The complex recounting of the “theft of the pears” in Book 2 of his Confessions is often distilled into Augustine’s famous evaluation of the act: “I simply wanted to enjoy the theft for its own sake, and the sin” (nec ea re volebam frui quam furto appetebam, sed ipso furto et peccato) (4.9).[1] The entire tale, so it is thought, is a potent lesson in the irrationality of sin: so twisted is our desire, intellect, and will that we seek sin simply for its own sake. Augustine’s narrative, in fact, partially supports this reading: “I was under no compulsion of need…Yet I wanted to steal, and steal I did. I already had plenty of what I stole, and of much better quality too, and I had no desire to enjoy it when I resolved to steal it” (ibid.). In this chapter we find, it seems, a shocking revelation unknown to the ancient world’s more optimistic evaluations of human freedom: so profound is our corruption that we are capable, perversely capable, of willing evil for its own sake.

The only problem with this view is that it is not what Augustine actually says. Or rather, it is not what he ultimately says by the end of his meditation on his nocturnal crime. As Augustine turns his fructiferous larceny over and over in his heart and mind throughout the rest of that book, his final evaluation of what motivated him on that fateful night in the garden reaches deeper levels of discovery than simply sin for sin’s sake. Instead, Augustine will find at the end of this particular confession the image of God within him, shackled by sin but nonetheless still alive and reaching out towards its fulfillment in imitation of the One in Whose image it is made.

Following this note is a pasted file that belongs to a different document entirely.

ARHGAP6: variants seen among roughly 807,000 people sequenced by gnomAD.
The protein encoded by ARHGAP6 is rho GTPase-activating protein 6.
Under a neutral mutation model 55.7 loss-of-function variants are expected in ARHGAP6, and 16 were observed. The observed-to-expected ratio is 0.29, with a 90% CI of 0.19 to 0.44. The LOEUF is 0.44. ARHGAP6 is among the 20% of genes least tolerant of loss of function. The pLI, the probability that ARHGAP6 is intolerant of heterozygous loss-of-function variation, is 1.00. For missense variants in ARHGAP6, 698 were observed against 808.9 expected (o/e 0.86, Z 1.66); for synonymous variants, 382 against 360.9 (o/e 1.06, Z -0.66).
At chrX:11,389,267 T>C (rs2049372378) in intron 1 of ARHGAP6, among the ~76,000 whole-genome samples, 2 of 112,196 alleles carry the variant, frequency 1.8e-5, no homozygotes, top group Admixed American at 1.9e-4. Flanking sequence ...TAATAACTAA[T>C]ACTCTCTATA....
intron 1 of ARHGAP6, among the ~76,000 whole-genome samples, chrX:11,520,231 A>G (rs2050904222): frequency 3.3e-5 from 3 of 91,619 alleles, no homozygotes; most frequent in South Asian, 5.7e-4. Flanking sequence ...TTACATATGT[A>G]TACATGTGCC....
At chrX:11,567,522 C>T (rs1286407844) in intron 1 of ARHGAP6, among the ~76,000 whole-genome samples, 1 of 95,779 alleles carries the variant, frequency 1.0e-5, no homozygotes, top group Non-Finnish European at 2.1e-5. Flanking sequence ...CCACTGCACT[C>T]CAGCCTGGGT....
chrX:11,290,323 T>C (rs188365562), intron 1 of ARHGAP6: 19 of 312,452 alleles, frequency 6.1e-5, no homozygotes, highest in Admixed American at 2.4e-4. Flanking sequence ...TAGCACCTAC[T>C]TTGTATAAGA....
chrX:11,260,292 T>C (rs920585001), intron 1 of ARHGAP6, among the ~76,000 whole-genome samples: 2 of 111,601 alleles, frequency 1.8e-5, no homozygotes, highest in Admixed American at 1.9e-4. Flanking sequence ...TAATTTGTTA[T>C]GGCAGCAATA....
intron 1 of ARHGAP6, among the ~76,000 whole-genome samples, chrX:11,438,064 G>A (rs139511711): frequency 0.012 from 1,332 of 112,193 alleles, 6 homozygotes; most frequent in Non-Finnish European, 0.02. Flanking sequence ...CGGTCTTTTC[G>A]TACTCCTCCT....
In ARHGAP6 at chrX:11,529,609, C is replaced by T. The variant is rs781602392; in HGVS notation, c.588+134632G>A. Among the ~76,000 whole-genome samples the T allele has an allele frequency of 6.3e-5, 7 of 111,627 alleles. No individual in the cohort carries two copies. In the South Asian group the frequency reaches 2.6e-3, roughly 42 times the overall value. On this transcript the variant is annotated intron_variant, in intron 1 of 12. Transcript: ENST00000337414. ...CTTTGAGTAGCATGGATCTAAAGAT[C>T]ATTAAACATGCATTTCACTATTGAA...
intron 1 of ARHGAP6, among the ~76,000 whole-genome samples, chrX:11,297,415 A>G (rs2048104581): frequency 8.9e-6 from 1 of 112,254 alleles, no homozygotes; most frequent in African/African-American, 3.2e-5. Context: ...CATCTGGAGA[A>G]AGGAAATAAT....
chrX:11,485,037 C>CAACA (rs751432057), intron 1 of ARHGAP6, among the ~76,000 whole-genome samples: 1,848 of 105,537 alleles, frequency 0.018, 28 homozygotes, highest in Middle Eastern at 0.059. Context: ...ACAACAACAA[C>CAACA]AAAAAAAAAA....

But I am getting ahead of myself. For now it is worth pausing on a significant fact: more than a few scholarly interpreters of the theft at Thagaste have argued, for decades, that Augustine did not intend to teach the sheer irrationality of sin. Yet, curiously, it remains widely accepted that this is just what Augustine hoped to accomplish with his narrative, to demonstrate that sin is opaque to rational analysis. Why should this be the case? For starters, the text is somewhat confusing, replete with turns, backtracking, and crisscrossing. Augustine does indeed make statements like the above-quoted, to the effect that he desired sin for its own sake. These are among the most purple of purple passages in the Christian tradition, and as is often the case with oft-quoted texts, their context — either literary or historical — in time recedes into oblivion. But there is another reason, I suspect, why Book 2 of the Confessions is continually misinterpreted on this score.

For some streams of Christian thought, to deny the human heart’s desire for evil, as embodied in the theft at Thagaste, is tantamount to denying an integral part of the Gospel. If Christianity introduced good news to the world, this good news is always attended by its shadow proclamation of our transcendental wickedness; Christ’s grace shines more gloriously when accompanied by the penumbra of our desire for sin itself. Often this idea is expressed by affirming pride as the fundamental motivation of fallen humanity, with the result that our self-curvature feeds only on itself and not on any transcendent desire for the Good.[2] To desire sin for its own sake is to desire to worship ourselves. In light of this reading of Augustine, any account of the will as directed to the Good must be viewed as a revival of a pre-modern, pagan inspired hold-out that refuses the vision of our fundamental corruption — something the atrocities of the 20th century should have made apparent to anyone with eyes to see. The “rational man” of Enlightenment philosophy as well as Rousseau’s “noble savage” must cede to postmodernism’s Christian patron, Augustine, who recognized in his Confessions the primordial instability and incoherence of the self.